MFR Wow!!!

Discussion of Myofascial Release techniques, both generic and modality specific.

Moderators: MarionFM, WaltFritz

Postby Breathe on Mon May 14, 2007 9:16 am

amypowerhands wrote:Don't we always learn the effectiveness of a modality when we learn it? Don't we usually hear what makes that modality different than others?

yes, and yes, hopefully.

Don't we usually hear what makes that modality better than others? Why would anyone learn and try to master a modality if they thought it was only just as effective as another?


No, and huh?

I've taken a couple of classes from very well-known instructors, one with a "patented" technique. Both were amazing classes that added greatly to my effectiveness as a therapist. Both explained very clearly why their methods were effective, and both were also forthcoming about the effectiveness of other methods.

Come on people, a little forgiveness and understanding goes a long way. This forum is starting to remind me of parenting politics or religion. It seems that some people are searching for quotes within other posts in order to pick apart, interpret and ridicule. I'm not sure this promotes open communication.


I'm not sure it promotes open communication when people tout one particular method as superior, not believing that anything else can be so effective. We have over 3000 members on this board, many of them highly effective therapists. The numbers don't lie, and we have lots of stories about "miraculous" recoveries through MT. Only a fraction of these are trained in JFB-MFR. Only a fraction trained in MAT, a few in ART, some in CST... and lots more alphabet soup, eh?

Perhaps some of the reaction (from me anyways,) comes from meeting therapists in real life who practice one of the trademarked techniques exclusively, and experiencing them behaving as if I am just a hobbyist, and an ineffective one at that.

In spite of the condescending attitude toward therapists who are not JFB-MFR, I actually learn quite a lot from reading even the posts that I challenge, (maybe especially those ones.) Unfortunately, with others, (as in goodtouch2's 2nd post in this thread- the one I responded to,) there is very little information about the technique, instead lots of insinuation and opinion about why the other techniques don't measure up.

I too want to learn as much as I can, but I don't think it happens with a situation where someone says "this is the ONLY effective way to treat the body."


I think you're awesome if you use MFR (JFB or not), sometimes, all the time, or never. I have true respect for all of you, and all of your opinions, and I really thank those who have risked ridicule to share them. I want to learn as much as I can. I am not learning anything from pick-apart posts.



And as far as the picking apart of posts... I do that because I have the memory of a gnat, so if I break out the pieces I want to respond to, and put them in each section, things are much more coherent, and I do less talking in circles.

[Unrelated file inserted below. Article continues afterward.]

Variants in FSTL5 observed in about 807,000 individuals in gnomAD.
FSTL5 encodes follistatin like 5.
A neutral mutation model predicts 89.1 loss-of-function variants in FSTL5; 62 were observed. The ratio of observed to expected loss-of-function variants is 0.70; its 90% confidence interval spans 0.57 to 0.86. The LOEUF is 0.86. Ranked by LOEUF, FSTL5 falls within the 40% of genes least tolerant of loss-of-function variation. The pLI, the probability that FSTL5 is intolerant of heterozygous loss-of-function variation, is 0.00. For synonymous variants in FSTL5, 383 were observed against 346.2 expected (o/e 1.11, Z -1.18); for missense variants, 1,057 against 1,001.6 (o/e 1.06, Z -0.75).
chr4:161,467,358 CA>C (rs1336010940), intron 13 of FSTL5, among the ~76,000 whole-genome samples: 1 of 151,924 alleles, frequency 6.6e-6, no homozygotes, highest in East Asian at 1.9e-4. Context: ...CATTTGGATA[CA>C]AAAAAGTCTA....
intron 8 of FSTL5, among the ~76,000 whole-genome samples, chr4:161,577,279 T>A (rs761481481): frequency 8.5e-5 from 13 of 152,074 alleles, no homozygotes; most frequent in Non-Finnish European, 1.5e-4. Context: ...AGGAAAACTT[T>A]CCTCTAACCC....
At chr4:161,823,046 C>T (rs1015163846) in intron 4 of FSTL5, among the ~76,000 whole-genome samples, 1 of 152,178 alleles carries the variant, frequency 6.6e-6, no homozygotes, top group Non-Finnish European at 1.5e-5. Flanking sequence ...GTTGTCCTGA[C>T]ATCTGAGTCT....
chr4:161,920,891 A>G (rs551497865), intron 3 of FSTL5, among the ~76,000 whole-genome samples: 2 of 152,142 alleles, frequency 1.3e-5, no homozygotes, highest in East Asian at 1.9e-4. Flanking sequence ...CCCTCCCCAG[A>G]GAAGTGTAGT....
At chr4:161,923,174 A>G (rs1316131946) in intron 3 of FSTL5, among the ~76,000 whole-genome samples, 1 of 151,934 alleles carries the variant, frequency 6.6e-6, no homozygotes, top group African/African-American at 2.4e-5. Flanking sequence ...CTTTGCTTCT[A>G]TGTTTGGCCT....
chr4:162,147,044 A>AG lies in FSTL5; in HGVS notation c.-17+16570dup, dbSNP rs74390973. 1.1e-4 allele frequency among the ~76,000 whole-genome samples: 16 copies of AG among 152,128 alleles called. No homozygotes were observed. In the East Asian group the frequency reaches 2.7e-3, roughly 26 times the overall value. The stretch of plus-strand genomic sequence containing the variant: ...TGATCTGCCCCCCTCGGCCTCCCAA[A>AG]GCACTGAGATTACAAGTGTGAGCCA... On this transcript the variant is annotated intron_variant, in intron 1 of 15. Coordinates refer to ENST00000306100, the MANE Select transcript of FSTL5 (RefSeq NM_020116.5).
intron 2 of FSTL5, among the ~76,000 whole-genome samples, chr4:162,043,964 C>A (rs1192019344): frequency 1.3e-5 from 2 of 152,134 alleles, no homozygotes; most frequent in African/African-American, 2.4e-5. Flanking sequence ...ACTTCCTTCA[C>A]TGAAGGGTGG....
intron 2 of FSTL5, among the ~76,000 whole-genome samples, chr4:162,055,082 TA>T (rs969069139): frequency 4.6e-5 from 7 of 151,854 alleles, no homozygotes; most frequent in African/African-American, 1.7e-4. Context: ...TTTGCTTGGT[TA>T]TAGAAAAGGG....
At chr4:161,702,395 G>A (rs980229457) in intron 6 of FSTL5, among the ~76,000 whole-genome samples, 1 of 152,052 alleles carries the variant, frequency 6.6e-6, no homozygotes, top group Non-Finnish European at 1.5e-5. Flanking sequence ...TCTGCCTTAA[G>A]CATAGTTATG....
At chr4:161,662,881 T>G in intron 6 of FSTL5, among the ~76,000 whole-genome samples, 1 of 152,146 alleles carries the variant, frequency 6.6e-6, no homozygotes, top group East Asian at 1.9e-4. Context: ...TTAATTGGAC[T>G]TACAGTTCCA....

I also think therapists who specialize very narrowly are awesome. I sent my mother to a Bowen therapist last fall when she could barely walk with her RA flare-up. The therapist had her going back up and down stairs in only 3 sessions. Pretty dramatic, and as far as I know, she didn't mix it up.

The interesting thing about JFB is that he DOES "mix it up." Though he stays within the covering of MFR, originally the use of MFR was done either with "direct" or "indirect" techniques. As I understand it, JFB blended the two methods together in his training program. This is what I was taught to do in my integrative NMT classes.

I'm sorry you are not learning anything from the "pick-apart" posts. Since this is a "discussion" board, I will probably continue to do them. (Again, this is why we need the ignore button. People who don't want to see any discussion can put me on ignore. Wouldn't be the first time... :lol: )
User avatar
Breathe
Registered Member
 
Posts: 1962
Joined: Fri Sep 30, 2005 8:52 pm
Location: Oregon

Isometric shaking

Postby WaltFritz on Mon May 14, 2007 9:57 am

Amy,

Doing arm and leg pulls are a common part of my day. The first question that comes to me is whether you are holding the limb with an extended elbow or with a lsight bend at the elbow? If bent, try extending fully at the elbow and let the pull take the slack out of the shoulder girdle as well. The arm/leg pull is like water skiing; lean back slightly and with extended arms let your body wieght take up the slack. I also find that interlocking the fingers of my hands as I grasp the arm or leg allows me to grip less, with less fatigue. The saying "if it feels like you are working to hard...you are working too hard" that John states at the seminars certainly applies. Lighten up, gently engage the barrier, and feel, don't try to overpower.

When I first started this work, I was quite fatigued at the end of a day, much like most of the rest of you out there. Fairly quickly, though, I was able to tolerate much more until it is now just a part of what I do. No fatigue. Try some of these suggestions to see if they help you.
Walt Fritz, PT Pain Relief Center, Rochester, NY
http://www.myofascialresource.com
For therapists: MFRmail Newsletter (patient focused newsletter also available)
Foundations in Myofascial Release Seminars
Myofascial Release Mentoring Program
User avatar
WaltFritz
Moderator
 
Posts: 526
Joined: Thu Feb 22, 2007 6:14 am
Location: Rochester, NY

Postby BJB-LMP on Mon May 14, 2007 1:11 pm

amypowerhands wrote:I really thank those who have risked ridicule to share.